This initiative offers innovative programs in 20 communities to help economically disadvantaged older adults cut through red tape and create a plan to build their own economic stability and security. The service includes one-on-one assistance, counseling, and follow-up as they find job training, assistance with health care and prescription drugs, housing and nutrition programs, and financial planning.

EconomicCheckUp®

Developed and maintained by the National Council on Aging, EconomicCheckUp® is the nation’s most comprehensive, free online service to help older adults improve their economic security. It helps older adults find work, cut spending, reduce debt, and use their home equity.

Home Equity

NCOA's Reverse Mortgage Counseling Network is one of nine federally approved national counseling intermediaries that helps older homeowners determine if a reverse mortgage is right for them—and what other services and supports are available to help them age in place. 

Center for Benefits Access

The Center for Benefits Access helps community-based organizations find and enroll seniors and younger adults with disabilities with limited means into benefits programs for which they are eligible, so they can remain healthy, secure, and independent. The center accomplishes its mission by developing and sharing tools, resources, best practices, and strategies for benefits outreach and enrollment. Our BenefitsCheckUp® online screening tool has helped over 3.7 million older adults identify over $13 billion in benefits they were missing out on.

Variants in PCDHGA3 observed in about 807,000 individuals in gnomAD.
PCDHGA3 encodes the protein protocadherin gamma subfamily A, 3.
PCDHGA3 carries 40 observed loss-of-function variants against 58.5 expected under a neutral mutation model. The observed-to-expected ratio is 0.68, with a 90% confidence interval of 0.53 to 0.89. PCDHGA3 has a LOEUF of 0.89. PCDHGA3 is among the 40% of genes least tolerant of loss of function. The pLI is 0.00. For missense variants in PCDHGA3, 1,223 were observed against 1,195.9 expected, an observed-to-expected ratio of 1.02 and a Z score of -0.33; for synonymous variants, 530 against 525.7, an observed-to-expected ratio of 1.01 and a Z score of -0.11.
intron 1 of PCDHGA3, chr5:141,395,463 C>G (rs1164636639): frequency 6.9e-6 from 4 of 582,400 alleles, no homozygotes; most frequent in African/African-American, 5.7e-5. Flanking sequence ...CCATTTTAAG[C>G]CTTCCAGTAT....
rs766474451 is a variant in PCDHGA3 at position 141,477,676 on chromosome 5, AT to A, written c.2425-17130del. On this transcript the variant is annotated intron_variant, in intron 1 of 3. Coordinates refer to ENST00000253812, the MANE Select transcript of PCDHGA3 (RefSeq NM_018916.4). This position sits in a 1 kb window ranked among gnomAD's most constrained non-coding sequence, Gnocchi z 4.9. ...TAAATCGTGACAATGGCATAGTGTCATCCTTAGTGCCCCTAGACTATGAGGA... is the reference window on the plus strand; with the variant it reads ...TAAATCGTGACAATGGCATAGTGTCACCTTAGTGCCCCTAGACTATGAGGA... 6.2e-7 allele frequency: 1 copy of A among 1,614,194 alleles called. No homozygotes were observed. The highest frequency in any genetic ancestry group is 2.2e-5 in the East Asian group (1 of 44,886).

Senior Community Service Employment Program (SCSEP)

SCSEP offers valuable on-the-job training and job placement that helps older workers, particularly those who are low-income or disadvantaged, build job skills and confidence. NCOA currently operates 22 SCSEP projects throughout the U.S. SCSEP is funded by a grant from the U.S. Department of Labor.

Learn more about economic security